There are other memories of dark, rainy days. One is a time when I was caught in a violent thunderstorm on the way home from the golf course when I was 14. It was a four-mile walk from home. I found myself isolated on the side of the road when the rain started to fall. Then came the lightning striking so near the thunderclap came with the flash. I’d never been so scared in my life, and never more exhilarated.
Then, there was Monika. She was a working-class woman who spoke German with a heavy dialect. I have never known a more gentle and innocent soul. We spent one whole day, from just after breakfast to when night fell in my little 10’ by 12’ room high above a quiet neighborhood in Trier. It rained and was dark the whole time. We talked and read together, did nothing exciting, just sat listening to the rain on the slate roof outside my window. It was fine and I don’t think I’ve ever enjoyed a more peaceful day. I love Monika for that.
It rained all day yesterday. Virginia and I spent the day inside. The dogs were quiet. We didn’t have the television on. I wrote and she read and we were happy with one another. My thoughts turned to poetry and sin, but I felt no quilt or shame about anything. I worked out my thoughts on the computer while Virginia read. When the time came, I took a long nap. I went to sleep to the soft rumblings of thunder in the distance. And it was dark as only a rainy day can invoke.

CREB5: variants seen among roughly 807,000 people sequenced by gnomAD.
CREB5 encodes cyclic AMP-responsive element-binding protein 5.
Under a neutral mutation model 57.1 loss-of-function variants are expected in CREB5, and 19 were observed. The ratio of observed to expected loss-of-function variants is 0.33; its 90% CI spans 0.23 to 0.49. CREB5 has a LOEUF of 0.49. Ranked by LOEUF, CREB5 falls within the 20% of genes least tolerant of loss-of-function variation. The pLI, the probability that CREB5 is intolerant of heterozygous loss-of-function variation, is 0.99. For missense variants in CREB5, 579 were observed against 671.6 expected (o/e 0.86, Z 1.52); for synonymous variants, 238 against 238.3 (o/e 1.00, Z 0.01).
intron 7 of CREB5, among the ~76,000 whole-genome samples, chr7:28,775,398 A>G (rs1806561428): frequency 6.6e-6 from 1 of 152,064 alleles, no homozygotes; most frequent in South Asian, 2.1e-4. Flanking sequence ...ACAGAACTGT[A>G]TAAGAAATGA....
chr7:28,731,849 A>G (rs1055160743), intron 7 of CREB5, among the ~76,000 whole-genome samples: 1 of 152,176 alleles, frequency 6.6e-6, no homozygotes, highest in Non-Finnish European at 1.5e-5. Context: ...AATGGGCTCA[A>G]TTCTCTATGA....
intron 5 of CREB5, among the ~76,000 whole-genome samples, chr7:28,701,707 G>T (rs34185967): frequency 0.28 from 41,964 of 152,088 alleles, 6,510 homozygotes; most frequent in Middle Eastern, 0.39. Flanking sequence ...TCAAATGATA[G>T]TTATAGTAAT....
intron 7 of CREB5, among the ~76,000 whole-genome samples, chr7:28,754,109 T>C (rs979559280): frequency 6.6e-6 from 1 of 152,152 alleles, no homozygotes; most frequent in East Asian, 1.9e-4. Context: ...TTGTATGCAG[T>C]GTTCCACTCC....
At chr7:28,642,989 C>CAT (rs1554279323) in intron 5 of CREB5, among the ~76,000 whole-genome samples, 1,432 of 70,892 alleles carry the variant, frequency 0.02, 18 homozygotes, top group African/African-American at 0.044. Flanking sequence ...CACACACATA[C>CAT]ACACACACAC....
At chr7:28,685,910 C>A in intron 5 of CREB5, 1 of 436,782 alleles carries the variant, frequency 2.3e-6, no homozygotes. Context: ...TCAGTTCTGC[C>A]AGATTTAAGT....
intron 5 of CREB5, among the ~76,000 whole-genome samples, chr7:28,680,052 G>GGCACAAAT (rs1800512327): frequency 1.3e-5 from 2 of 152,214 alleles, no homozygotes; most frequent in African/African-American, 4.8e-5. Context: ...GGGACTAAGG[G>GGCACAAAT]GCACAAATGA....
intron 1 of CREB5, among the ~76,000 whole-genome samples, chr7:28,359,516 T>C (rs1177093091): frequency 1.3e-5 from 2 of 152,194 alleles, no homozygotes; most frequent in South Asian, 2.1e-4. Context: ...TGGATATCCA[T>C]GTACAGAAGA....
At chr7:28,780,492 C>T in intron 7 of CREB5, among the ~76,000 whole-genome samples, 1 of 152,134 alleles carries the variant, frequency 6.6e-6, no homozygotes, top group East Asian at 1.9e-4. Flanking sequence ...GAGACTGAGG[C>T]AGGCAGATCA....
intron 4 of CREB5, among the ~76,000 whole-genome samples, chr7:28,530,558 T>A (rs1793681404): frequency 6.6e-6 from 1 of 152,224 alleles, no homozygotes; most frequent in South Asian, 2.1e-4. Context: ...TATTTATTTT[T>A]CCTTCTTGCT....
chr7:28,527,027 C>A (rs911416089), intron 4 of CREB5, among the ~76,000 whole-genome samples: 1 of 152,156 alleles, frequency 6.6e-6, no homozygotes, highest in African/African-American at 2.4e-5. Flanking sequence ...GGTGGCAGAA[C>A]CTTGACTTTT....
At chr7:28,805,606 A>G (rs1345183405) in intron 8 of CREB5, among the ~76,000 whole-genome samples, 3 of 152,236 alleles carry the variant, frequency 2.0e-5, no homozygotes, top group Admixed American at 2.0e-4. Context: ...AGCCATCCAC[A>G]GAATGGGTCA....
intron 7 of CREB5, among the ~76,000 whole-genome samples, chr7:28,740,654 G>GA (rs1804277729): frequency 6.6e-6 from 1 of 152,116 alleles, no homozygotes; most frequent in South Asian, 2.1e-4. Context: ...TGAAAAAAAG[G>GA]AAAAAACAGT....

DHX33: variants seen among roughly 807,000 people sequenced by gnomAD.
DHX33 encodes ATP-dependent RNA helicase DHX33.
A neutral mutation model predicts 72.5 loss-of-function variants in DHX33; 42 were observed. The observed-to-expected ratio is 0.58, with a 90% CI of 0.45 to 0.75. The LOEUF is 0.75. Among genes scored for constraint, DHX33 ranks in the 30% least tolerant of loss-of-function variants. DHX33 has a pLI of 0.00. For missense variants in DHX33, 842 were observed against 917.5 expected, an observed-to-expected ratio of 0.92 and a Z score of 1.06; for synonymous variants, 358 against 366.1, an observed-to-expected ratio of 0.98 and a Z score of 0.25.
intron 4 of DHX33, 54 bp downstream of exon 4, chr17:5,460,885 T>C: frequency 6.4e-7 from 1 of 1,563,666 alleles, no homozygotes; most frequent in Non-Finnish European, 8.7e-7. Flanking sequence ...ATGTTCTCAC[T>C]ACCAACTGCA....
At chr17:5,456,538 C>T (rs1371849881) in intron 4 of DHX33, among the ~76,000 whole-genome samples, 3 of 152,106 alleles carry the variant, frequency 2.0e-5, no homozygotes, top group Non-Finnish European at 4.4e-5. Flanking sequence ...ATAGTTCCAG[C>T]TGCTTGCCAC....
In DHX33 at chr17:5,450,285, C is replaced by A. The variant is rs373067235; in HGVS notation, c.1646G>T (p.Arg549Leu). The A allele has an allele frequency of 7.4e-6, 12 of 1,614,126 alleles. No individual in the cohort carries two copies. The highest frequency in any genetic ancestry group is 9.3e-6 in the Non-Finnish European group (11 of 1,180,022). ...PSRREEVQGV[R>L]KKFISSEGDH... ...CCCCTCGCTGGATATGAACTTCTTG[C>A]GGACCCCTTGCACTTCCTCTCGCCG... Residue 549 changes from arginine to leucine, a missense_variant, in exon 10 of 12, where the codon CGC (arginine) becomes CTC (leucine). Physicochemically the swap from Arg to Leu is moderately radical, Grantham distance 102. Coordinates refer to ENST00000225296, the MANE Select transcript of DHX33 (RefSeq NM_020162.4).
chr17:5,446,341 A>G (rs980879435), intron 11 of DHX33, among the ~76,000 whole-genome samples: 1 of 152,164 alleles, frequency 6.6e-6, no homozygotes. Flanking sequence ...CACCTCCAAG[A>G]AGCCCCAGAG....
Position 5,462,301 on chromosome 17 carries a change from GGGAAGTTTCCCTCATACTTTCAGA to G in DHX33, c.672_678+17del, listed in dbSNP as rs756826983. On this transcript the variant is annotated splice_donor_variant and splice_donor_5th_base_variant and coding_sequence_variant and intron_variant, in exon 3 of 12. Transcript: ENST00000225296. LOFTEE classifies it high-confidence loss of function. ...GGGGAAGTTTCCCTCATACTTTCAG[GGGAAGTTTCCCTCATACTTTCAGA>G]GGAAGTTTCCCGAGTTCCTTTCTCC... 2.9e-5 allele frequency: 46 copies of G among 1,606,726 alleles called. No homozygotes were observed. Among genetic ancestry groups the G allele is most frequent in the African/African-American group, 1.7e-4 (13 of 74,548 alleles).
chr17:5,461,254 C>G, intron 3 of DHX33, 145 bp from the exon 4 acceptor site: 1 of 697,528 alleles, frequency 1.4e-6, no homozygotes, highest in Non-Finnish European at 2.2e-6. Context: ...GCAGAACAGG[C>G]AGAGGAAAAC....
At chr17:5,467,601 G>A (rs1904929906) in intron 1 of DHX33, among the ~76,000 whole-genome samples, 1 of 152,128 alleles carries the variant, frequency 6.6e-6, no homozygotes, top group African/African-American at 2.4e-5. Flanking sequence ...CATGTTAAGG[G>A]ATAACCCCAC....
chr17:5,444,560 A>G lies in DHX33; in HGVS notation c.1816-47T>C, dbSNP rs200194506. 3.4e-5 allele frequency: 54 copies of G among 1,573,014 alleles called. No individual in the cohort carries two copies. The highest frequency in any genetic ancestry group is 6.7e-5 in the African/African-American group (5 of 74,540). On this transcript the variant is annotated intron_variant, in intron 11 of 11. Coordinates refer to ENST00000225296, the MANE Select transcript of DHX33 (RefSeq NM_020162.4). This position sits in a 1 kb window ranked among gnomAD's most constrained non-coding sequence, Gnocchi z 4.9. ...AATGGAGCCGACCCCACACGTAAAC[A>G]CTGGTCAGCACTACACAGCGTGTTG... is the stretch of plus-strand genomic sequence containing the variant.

As I said, I have an affinity for those who have a fondness for the rain. My wife and children have either inherited or learned to love a dark day from me. We look forward to the cold and wet, me more than anyone else. But they are people who love the rain, and because of it, in part, I love them.
While friends and acquaintances ached for a return of sun and warmth, I knew that rain and gray are finite. The day would soon pass and I couldn’t miss any of it. I reveled in it. I wrote a poem. I thought of doing penance and connecting more closely with the world around me. When I went to bed last night, I desired to wake up to another dim, overcast day. But it didn’t happen. I think maybe I would be happier where rain is a daily fact of life, a rainforest in New Zealand, perhaps, or the Amazon or Tierra del Fuego. But the Midwest is my home. I wait in anxious anticipation of my next opportunity to sit with Virginia quietly and listen to the rain.